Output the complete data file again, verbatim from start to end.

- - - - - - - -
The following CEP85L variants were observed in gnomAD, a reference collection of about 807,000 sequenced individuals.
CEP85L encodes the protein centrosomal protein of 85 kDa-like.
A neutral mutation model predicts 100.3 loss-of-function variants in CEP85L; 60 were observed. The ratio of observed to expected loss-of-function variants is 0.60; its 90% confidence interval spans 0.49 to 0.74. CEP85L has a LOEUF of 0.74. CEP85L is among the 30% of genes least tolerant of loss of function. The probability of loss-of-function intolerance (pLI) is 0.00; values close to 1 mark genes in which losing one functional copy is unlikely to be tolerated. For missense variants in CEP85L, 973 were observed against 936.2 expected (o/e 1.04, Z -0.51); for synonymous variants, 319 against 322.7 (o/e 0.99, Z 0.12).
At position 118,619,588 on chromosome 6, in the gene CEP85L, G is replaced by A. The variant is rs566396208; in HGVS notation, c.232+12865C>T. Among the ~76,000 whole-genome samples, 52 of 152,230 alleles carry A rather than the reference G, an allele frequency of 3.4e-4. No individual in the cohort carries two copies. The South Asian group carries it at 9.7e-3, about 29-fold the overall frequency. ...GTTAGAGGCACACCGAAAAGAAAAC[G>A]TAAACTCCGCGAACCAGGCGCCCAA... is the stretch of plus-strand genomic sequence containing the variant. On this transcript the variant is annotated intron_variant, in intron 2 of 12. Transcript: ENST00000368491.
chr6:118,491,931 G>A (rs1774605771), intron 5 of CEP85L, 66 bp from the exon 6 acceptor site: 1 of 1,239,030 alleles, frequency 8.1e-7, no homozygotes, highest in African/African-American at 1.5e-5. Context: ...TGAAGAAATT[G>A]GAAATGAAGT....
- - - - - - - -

The following CEP85L variants were observed in gnomAD, a reference collection of about 807,000 sequenced individuals.
CEP85L encodes the protein centrosomal protein of 85 kDa-like.
A neutral mutation model predicts 100.3 loss-of-function variants in CEP85L; 60 were observed. The ratio of observed to expected loss-of-function variants is 0.60; its 90% confidence interval spans 0.49 to 0.74. CEP85L has a LOEUF of 0.74. CEP85L is among the 30% of genes least tolerant of loss of function. The probability of loss-of-function intolerance (pLI) is 0.00; values close to 1 mark genes in which losing one functional copy is unlikely to be tolerated. For missense variants in CEP85L, 973 were observed against 936.2 expected (o/e 1.04, Z -0.51); for synonymous variants, 319 against 322.7 (o/e 0.99, Z 0.12).
At position 118,619,588 on chromosome 6, in the gene CEP85L, G is replaced by A. The variant is rs566396208; in HGVS notation, c.232+12865C>T. Among the ~76,000 whole-genome samples, 52 of 152,230 alleles carry A rather than the reference G, an allele frequency of 3.4e-4. No individual in the cohort carries two copies. The South Asian group carries it at 9.7e-3, about 29-fold the overall frequency. ...GTTAGAGGCACACCGAAAAGAAAAC[G>A]TAAACTCCGCGAACCAGGCGCCCAA... is the stretch of plus-strand genomic sequence containing the variant. On this transcript the variant is annotated intron_variant, in intron 2 of 12. Transcript: ENST00000368491.
chr6:118,491,931 G>A (rs1774605771), intron 5 of CEP85L, 66 bp from the exon 6 acceptor site: 1 of 1,239,030 alleles, frequency 8.1e-7, no homozygotes, highest in African/African-American at 1.5e-5. Context: ...TGAAGAAATT[G>A]GAAATGAAGT....